Our guest post this week comes from Nerine Dorman, and it is a timely one for any writer, but especially for everyone doing NaNoWriMo. Books are born in the writing, but they grow up in the editing. Here are five great tips from Nerine on how to spot and fix problematic issues in your serial or book.

Five Tips From the Editor’s Red Pen by Nerine Dorman

I’ve been reading through the slush pile for a number of years now and, while authors will still find new ways to horrify editors, I’ve distilled five of the most common reasons why an editor would think twice about recommending a manuscript for contract. These are five points any author can address, which will go a long way to making a manuscript sellable.

  1. Iffy words. Here are a few of the common offenders on my list – actually, suddenly, finally, something, that, just, like, there was, there were. If you find yourself writing a sentence such as “Finally, there was a loud bang that rattled the windows” I’m sure you’ll agree with me that sentence sucks. See how much stronger “A loud bang rattled the windows” is. Generally you can get away with these words in your dialogue, because people don’t always speak correctly, but avoid in your narrative.
  2. Repetition/pet words. We all have our pet words and because we are often too close to our manuscript, it’s not always easy to catch these. Here’s a nifty trick. Go to www.wordle.net and copy/paste your offending text into the field in order to create a word cloud. Your pet words will jump out at you, giving you a good indication as to which of the little bastards you need to consider cutting when you handle your revisions. I seem to have a predilection for “like” and “just”. Go find out what yours are.
  3. Filter words. Every time you see a construction that is “He heard” or “She saw” or “He thought” you’re sitting with filter words. Consider “She saw a goose flap across the sky” versus “A goose flapped across the sky”. The second sentence is stronger, and more efficient. If you’re writing short fiction where a final word count is vital, this is useful if you’re intending to prune word count.
  4. Show, don’t tell. This is an old one but I’ve lost count of the times I beg and plead with authors to show us the world in which their story takes place. Don’t just say “Bob walked across the courtyard to fetch the ball.” Perhaps look at it this way, “Bob’s shoes crunched into the gravel, an icy wind somehow sending its fingers through his thick coat. The ball had rolled to a stop next to a rusty wheelbarrow almost choked in ivy, a favourite hiding spot for spiders.” No prizes for guessing which sentence does more to evoke a setting. When writing, consider your five senses, but also think about your character’s emotions and thoughts when employing those five senses. How does what he sees/tastes/touches or feels affect his state of mind? Conversely, also know when to cut back on the description and employ narrative summary, especially if you need to condense time where there’s little action.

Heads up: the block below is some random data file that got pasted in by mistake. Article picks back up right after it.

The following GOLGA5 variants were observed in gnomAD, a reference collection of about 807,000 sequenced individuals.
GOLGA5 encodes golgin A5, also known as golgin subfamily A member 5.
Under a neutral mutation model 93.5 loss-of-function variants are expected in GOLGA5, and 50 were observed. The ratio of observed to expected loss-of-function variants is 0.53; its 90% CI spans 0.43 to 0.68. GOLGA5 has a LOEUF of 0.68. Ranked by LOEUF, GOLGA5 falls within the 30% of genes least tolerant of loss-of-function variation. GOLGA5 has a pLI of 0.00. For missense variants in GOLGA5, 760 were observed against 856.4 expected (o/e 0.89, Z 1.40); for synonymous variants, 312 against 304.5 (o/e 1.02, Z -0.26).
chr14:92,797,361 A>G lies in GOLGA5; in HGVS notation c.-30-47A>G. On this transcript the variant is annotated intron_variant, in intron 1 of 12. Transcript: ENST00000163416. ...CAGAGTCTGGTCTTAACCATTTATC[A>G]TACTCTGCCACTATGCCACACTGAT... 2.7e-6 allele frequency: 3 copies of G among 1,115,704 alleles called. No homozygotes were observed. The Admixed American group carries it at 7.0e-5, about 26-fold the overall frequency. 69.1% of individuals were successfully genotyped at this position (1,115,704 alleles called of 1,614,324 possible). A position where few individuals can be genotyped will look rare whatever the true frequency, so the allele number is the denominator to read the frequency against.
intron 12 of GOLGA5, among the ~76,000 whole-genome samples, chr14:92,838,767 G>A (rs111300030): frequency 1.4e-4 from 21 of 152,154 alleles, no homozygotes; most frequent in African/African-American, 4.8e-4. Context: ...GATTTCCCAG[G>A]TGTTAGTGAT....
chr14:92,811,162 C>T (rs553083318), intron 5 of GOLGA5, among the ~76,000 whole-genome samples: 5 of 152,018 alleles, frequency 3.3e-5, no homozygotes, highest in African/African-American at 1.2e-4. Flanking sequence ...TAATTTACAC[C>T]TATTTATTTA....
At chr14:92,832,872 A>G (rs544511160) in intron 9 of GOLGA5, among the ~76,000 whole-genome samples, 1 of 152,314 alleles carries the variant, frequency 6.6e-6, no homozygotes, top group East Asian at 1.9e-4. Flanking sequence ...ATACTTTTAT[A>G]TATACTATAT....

5. Tension. Another reason why I will either out-and-out reject a story, or ask for revisions, is lack of tension. Short stories really have to cut to the chase very quickly, due to word count, but the same can be said for a novel. In an age where novels have to compete with social media and cellphones for readers’ attention, authors need to look long and hard at their pacing. You don’t necessarily need to end every chapter on a cliff-hanger, but make sure you introduce your conflict early enough in the story so readers don’t get halfway through your tale wondering when the action will start. I’m a big fan of the essence of the Snowflake Method, which divides a story into three disasters and a conclusion. Understand what motivates your characters and throw them curveballs early in the story. Make readers wonder how the hell they’re going to get out of each predicament. Be honest with yourself if you discover your first chapter doesn’t really progress the novel. Don’t be precious with your words. Find the most dynamic, attention-grabbing spot to start your tale. That opening paragraph is a make-or-break situation. Hell, here’s some homework for you. Go read the opening lines of your five favourite novels. Now go back to your manuscript and see how you can start your story with a bang, not a whimper.

 Nerine Dorman is employed as a newspaper sub-editor and writer by day. By night she writes and edits fiction. She is a full-time snark. Follow her on Twitter @nerinedorman. Thanks, Nerine!